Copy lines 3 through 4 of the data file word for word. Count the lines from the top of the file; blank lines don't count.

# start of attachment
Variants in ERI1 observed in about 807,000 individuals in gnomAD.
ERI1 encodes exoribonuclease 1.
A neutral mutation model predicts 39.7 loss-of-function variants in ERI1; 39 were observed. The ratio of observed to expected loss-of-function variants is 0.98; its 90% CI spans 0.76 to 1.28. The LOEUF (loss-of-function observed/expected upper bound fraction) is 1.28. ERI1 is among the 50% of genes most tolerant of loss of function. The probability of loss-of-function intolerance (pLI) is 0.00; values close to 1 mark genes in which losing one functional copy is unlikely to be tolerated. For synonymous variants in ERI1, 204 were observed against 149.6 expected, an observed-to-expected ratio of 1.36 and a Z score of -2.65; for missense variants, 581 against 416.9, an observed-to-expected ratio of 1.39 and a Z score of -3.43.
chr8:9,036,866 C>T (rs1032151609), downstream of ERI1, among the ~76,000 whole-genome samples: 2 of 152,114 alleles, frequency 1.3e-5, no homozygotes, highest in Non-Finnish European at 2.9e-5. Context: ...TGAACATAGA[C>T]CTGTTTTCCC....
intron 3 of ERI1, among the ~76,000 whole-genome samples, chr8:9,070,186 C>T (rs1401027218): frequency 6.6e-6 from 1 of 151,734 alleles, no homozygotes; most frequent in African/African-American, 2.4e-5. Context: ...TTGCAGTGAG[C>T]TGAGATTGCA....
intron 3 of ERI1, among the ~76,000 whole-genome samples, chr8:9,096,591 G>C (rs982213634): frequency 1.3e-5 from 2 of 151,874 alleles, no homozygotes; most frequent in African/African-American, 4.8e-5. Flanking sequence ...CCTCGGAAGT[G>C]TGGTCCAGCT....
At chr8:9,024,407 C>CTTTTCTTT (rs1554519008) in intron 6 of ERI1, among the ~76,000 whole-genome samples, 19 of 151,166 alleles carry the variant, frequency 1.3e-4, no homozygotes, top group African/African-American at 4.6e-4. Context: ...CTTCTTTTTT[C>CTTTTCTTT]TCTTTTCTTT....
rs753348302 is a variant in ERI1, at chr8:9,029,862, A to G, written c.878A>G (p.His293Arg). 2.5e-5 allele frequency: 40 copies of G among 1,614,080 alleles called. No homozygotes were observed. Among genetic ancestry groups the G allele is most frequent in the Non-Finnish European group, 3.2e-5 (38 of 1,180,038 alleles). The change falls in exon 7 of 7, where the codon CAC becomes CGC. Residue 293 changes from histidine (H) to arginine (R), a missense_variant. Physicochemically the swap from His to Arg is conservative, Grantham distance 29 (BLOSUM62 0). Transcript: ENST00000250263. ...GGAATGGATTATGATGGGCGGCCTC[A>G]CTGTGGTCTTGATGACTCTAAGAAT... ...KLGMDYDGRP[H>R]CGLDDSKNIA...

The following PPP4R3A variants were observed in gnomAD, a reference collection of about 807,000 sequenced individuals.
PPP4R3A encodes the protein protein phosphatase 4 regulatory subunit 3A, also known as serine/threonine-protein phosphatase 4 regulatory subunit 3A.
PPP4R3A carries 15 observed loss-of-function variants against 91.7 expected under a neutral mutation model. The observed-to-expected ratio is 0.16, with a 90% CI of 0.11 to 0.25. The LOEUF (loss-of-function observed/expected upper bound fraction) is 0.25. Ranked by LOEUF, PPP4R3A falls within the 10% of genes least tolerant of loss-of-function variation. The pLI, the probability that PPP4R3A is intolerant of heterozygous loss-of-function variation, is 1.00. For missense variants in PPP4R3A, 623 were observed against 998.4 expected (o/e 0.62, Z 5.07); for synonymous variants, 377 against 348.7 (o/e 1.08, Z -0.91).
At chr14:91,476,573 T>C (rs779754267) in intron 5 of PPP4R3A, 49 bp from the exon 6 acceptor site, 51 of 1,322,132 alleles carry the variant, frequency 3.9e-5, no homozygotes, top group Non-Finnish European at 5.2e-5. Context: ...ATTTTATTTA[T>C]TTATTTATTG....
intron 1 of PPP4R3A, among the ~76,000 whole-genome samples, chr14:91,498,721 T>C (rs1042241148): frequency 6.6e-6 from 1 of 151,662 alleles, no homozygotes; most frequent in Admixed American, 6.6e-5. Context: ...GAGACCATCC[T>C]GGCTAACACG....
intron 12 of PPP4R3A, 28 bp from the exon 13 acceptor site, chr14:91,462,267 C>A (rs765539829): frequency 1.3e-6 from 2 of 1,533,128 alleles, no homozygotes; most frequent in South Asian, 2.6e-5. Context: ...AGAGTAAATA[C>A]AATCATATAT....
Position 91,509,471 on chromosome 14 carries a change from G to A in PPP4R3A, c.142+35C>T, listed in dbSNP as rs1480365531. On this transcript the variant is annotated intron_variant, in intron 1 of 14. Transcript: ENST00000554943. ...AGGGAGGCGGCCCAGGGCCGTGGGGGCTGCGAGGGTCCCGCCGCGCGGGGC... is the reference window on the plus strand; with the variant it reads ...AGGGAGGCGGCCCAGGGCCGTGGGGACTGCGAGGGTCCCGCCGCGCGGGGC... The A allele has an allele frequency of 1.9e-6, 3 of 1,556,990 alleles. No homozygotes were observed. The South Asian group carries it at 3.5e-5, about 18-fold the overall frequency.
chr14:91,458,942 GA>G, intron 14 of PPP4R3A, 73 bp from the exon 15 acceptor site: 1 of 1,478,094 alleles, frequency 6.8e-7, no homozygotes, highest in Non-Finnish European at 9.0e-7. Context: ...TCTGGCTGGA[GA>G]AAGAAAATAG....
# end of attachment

A neutral mutation model predicts 39.7 loss-of-function variants in ERI1; 39 were observed. The ratio of observed to expected loss-of-function variants is 0.98; its 90% CI spans 0.76 to 1.28. The LOEUF (loss-of-function observed/expected upper bound fraction) is 1.28. ERI1 is among the 50% of genes most tolerant of loss of function. The probability of loss-of-function intolerance (pLI) is 0.00; values close to 1 mark genes in which losing one functional copy is unlikely to be tolerated. For synonymous variants in ERI1, 204 were observed against 149.6 expected, an observed-to-expected ratio of 1.36 and a Z score of -2.65; for missense variants, 581 against 416.9, an observed-to-expected ratio of 1.39 and a Z score of -3.43.
chr8:9,036,866 C>T (rs1032151609), downstream of ERI1, among the ~76,000 whole-genome samples: 2 of 152,114 alleles, frequency 1.3e-5, no homozygotes, highest in Non-Finnish European at 2.9e-5. Context: ...TGAACATAGA[C>T]CTGTTTTCCC....